Sleep Evaluations & Sleep Laboratories
There is no perfect answer as to when someone should consult a specialist for a sleep problem. A good rule of thumb is to see a specialist if your sleep problem persists for a month or more despite following your doctor’s advice and prescriptions. However, you should get expert help immediately if you have experienced dangerous symptoms such as waking up with chest pain or shortness of breath — or falling asleep at an inappropriate time such as while in a meeting at work, at an enjoyable party, or while driving a car.
How do I find a doctor that specializes in sleep disorders?
As sleep medicine is a relatively new specialty of medicine, most doctors with expertise in sleep medicine are usually board certified in either sleep medicine, pulmonology, neurology, psychiatry and psychology. If you cannot find a sleep specialist through your family doctor or hospital, check in the telephone directory’s yellow pages under sleep medicine or sleep laboratory. You may need to be formally referred to the sleep specialist by your family doctor, depending on your insurance plan.
Once referred to a sleep specialist, what occurs during the evaluation visit?
The doctor will obtain a general medical and sleep history, conduct a physical examination, and possibly require an interview with your bed partner. The case may be reviewed by other consulting physicians such as ear, nose and throat specialists, cardiologists, etc. While the doctor may suspect a particular sleep disorder after the evaluation, he will determine if a sleep study and additional tests are needed to conclusively diagnose the problem. If a sleep study — or polysomnographic session — at the sleep laboratory is needed, the doctor determines what such a session might entail.
What happens during a sleep study?
Sleep studies are typically conducted during the normal hours that a person considers to be bedtime. As a result, patients usually arrive for appointments at a sleep laboratory around 8-9pm and leave the next morning. Most laboratories are staffed by trained experienced polysomnographic technologists — or, in other words, sleep technicians who have received specialized training in the field of sleep disorders.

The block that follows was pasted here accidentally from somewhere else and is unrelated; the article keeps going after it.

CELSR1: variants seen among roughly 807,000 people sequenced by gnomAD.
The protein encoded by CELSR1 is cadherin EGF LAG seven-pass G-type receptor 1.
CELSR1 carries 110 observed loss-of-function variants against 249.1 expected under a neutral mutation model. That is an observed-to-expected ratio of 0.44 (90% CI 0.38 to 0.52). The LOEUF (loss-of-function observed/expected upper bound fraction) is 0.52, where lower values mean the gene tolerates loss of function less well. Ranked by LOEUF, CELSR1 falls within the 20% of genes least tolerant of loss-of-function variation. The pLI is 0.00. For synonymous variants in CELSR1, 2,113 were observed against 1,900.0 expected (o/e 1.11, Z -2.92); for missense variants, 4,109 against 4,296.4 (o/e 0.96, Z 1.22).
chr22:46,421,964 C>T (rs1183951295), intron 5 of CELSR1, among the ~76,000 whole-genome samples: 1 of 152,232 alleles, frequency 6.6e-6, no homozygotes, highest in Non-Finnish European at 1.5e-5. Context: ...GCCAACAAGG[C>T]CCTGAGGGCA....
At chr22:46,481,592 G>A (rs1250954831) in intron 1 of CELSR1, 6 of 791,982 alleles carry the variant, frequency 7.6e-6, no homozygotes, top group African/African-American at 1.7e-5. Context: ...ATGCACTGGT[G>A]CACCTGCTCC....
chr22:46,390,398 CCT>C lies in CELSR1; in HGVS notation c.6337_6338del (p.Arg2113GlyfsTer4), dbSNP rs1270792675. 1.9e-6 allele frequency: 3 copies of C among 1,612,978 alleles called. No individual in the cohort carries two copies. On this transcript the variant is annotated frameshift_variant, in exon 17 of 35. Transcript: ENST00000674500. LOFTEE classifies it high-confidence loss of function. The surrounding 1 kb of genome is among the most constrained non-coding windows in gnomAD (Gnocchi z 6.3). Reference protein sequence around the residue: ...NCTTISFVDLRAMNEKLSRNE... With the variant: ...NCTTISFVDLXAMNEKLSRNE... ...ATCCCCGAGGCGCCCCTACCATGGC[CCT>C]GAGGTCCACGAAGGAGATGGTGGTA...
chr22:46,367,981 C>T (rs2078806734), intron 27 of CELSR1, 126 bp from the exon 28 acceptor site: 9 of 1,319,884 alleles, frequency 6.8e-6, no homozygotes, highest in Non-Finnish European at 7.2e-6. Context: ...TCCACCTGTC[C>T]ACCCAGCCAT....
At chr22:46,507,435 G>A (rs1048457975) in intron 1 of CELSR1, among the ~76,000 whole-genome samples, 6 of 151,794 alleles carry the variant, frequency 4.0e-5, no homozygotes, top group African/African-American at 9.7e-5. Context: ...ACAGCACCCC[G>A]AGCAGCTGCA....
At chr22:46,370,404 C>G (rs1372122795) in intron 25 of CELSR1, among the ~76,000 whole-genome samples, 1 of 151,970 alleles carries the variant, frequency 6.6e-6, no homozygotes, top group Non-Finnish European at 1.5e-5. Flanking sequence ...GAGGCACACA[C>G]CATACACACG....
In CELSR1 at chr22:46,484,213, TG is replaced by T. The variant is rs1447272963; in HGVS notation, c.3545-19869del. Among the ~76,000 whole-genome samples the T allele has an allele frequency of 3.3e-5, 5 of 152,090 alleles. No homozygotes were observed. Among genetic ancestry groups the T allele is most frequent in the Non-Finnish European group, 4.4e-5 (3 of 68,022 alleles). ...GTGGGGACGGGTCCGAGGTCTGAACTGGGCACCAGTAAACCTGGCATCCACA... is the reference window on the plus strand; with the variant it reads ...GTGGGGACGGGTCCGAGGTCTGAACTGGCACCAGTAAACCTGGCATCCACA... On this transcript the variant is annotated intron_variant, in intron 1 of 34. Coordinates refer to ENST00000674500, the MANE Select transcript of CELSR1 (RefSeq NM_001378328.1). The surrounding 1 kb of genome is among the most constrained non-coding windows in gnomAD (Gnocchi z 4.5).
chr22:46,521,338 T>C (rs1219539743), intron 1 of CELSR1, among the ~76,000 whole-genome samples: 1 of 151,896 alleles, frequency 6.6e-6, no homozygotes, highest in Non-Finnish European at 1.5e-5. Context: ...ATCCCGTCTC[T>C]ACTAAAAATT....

Upon arrival, the sleep technician will begin the process of placing electrodes (special sensors) on your scalp, forehead, temples, eyelids, under the nose, chin, chest, finger, and calves. For the patient’s ease and education, the technician should explain the purpose of each electrode as it’s being placed. Electrodes are usually placed using a type of medical affixative which does not cause any pain or discomfort. This process usually takes about an hour. After the placement of the sleep monitoring gear, the patient is free to relax until bedtime.
At bedtime, the technician will attach the long leads (wires) from the patient’s attached electrodes to computer monitoring equipment next to the patient’s bed. Again, there is no pain or discomfort. While it may seem a bit awkward for the patient to sleep with the many wires placed from them to the monitoring equipment, it should not create any discomfort nor impair a patient’s normal ability to get up during the night to use the restroom.
While the patient sleeps, a sleep technician will be collecting data and monitoring the patient on sleep diagnostic equipment. The following morning, the technician wakes the patient, removes the gear and the patient is discharged.
What happens following the sleep study?
After the session in the sleep laboratory, the data must be evaluated for sleep phases and for pathological events. This process involves several hours of a technician’s time and one to two hours of the sleep specialist’s time, as well as extensive use of laboratory computing equipment. This process usually takes seven to ten business days. Sleep specialists can then make a diagnosis and recommendation for treatment.
Usually a patient is scheduled for a follow-up appointment with the sleep specialist about two weeks after their sleep study to discuss the results and begin a treatment plan. Treatments can range from airway pressure appliances to medication, lifestyle changes, weight loss, ENT surgery and laser therapy, dental appliances, light therapy, and internal body clock adjustments. The treatment (or treatments) recommended depends upon the type of sleep disorder diagnosed. With some treatments, the patient must return for a second night at the sleep lab.
How much will the diagnostic process cost?
The doctor and sleep lab fees are usually billed separately, but the overall diagnostic cost is usually between $1000 and $3000. This typically includes the initial evaluation by the sleep specialist, the ten-hour sleep study conducted by a polysomnographic technologist, two to fours hours of analysis time by another polysomnographic technologist, and one to two hours of analysis interpretation by the doctor.
Are evaluations and sleep studies covered by health insurance?
Most insurance companies will reimburse between 70% and 90% of the actual bill. In most cases, the patient will be responsible for any portion of the bill left unpaid by the insurance company. On the other extreme, if a patient is on Medicare or Medicaid and your sleep problem is psychologically-based, little financial help can be expected from health insurance.